kinder
Another great addition to my library!
Phobism
I've purchased this book based on the rave reviews it's received on Amazon.com, both on this page and elsewhere. I've been greatly disappointed.

This is the eighth edition, and, as such, is low on error count, so if all you're looking for in a math textbook is that it be error-free, this may be the book for you.

If you are looking for a little more than that: say, an interesting, well-motivated and pedagogically sound lecture, you'd be better off looking for it elsewhere, for instance in Jones & Jones' superb "Elementary Number Theory".

"The Higher Arithmetic"'s style of writing is unstructured prose (as opposed to the Definition-Theorem-Proof structure), supposedly rendering the text less rigid and more "friendly", when, in fact, it accomplishes the exact opposite effect: You're never sure where a proof begins and where it ends. This compounds unnecessary intellectual and psychological strains on top of those already naturally present whenever one learns new material.

The unstructured-ness also makes this book quite useless as a work of reference.

The proofs aren't particularly elegant or insightful (in fact, they are quite difficult to follow in some cases, for no good reason).

There's very little in terms of historical background and in terms of interesting applications and recreations.

Finally, the book is uncannily devoid of that geeky sense of humor that embellishes the best of math textbooks (e.g. "in this sense, at least, the prime 2 is very odd!", Jones & Jones, 1998, p. 106).

This book can best be recommended to those who have already studied number theory, and would like a refresher of the main topics an introductory course is likely to include.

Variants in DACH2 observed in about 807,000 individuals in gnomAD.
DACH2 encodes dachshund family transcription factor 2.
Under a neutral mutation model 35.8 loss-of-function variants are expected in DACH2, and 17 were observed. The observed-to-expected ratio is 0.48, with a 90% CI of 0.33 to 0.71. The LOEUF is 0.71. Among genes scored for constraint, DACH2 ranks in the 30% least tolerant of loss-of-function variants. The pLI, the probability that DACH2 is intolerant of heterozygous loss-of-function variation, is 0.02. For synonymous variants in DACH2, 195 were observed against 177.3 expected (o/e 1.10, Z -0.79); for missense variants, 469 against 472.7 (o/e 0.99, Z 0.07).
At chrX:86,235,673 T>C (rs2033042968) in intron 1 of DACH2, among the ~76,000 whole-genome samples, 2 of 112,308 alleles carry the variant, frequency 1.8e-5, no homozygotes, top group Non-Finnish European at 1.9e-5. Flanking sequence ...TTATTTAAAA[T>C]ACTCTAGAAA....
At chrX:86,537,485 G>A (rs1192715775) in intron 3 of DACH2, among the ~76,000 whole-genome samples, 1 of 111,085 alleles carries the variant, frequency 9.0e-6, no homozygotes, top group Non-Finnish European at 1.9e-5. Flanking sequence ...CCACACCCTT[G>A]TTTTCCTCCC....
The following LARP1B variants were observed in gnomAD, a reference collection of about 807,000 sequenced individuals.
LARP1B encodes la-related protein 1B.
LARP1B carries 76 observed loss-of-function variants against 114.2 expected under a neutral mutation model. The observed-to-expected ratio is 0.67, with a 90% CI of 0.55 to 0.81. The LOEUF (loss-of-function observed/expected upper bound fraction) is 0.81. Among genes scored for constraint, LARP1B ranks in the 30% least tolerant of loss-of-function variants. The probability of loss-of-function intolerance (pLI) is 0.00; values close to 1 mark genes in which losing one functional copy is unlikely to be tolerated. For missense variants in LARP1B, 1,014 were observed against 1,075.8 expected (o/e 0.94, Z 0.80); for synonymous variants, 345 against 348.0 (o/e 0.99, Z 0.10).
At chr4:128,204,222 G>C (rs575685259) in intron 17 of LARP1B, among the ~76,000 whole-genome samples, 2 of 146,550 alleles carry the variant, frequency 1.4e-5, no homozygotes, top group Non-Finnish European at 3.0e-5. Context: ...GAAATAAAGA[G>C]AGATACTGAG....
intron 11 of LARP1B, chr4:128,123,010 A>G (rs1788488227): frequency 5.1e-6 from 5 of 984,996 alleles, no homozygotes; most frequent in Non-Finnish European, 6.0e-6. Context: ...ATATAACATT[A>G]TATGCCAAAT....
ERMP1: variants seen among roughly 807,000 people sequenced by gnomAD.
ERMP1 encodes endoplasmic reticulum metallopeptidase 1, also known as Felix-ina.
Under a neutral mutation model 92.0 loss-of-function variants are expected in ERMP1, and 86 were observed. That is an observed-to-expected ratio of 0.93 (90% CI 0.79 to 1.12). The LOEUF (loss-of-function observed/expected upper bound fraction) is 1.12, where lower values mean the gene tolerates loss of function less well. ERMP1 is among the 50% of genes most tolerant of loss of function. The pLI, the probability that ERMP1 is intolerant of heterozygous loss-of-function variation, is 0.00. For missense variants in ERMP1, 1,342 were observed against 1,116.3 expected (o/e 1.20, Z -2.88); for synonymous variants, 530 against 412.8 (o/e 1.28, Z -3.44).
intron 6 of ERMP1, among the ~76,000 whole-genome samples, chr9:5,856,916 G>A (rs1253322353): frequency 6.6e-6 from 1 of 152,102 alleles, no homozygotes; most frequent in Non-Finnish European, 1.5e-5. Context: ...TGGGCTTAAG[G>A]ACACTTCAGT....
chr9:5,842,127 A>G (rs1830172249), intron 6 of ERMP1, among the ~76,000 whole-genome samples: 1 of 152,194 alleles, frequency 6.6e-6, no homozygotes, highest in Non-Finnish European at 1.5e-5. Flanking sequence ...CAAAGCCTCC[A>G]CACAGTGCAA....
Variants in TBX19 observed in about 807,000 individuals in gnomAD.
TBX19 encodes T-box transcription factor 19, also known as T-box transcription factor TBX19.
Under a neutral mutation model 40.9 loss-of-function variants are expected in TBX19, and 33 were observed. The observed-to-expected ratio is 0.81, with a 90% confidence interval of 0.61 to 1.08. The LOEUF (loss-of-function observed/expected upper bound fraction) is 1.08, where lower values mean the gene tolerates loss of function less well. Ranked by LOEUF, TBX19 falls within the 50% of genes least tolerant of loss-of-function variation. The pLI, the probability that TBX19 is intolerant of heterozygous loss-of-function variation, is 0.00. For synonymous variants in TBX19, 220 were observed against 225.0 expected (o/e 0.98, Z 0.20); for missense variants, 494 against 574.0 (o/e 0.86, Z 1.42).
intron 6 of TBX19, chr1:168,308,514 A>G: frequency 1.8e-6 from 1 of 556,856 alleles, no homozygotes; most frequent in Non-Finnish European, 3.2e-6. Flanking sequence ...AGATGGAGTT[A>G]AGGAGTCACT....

P.S.
This review is based on my impressions of the first three chapters (which constitute roughly one third of the book in terms of number of pages). I simply couldn't bear reading any further. I can't preclude the possibility that it gets better down the road.
Stonewing
This book is an AMAZING introduction to the Theory of Numbers. It assumes no previous exposure to the subject, or any technical mathematical knowledge for that matter. Its prose is lucid and the style appealing. Davenport chose NOT to write a lemma-theorem-proof kind of book, and the result is a marvelous, eminently readable introduction to the subject. Its wonderful to read a book where good prose is used to appropiately substitute a massive collection of uninviting symbols. I've also been reading other books on Number Theory, such as Hardy & Wright, but none are as clear as this one.
I found the chapter on quadratic residues (which includes the reciprocity law) to be especially well written. The section on computers and number theory is excelent as well. A concise and coherent discussion of crytography and the RSA system is included here. The organization of the book's chapters is fantastic. Each chapter builds up on results proven in the previous ones, showing well the connections between the different aspects of Number Theory. The exercises of the book range from simple to challenging, but are all accesible to someone willing to put effort into them.
This would be an excelent source for learning number theory for mathematical competition purposes, such as the ASHME, AIME, USAMO, and even for the International Mathematical Olympiad. The book contains much more than what is needed for these competitions, but the olympiad/contest reader will benefit greatly from a study of Davenport's work.
The book can certainly be used for an undergraduate course in Number Theory, though it might need supplementary materials, to cover a semester's worth of work. I know the book has been used in the past in previous editions as the main text for Math 124: Number Theory at Harvard University.
I would also recommend this book to anyone interested in acquanting themselves with Number Theory.
Awesome! There is simply no other word that describes The Higher Arithmetic.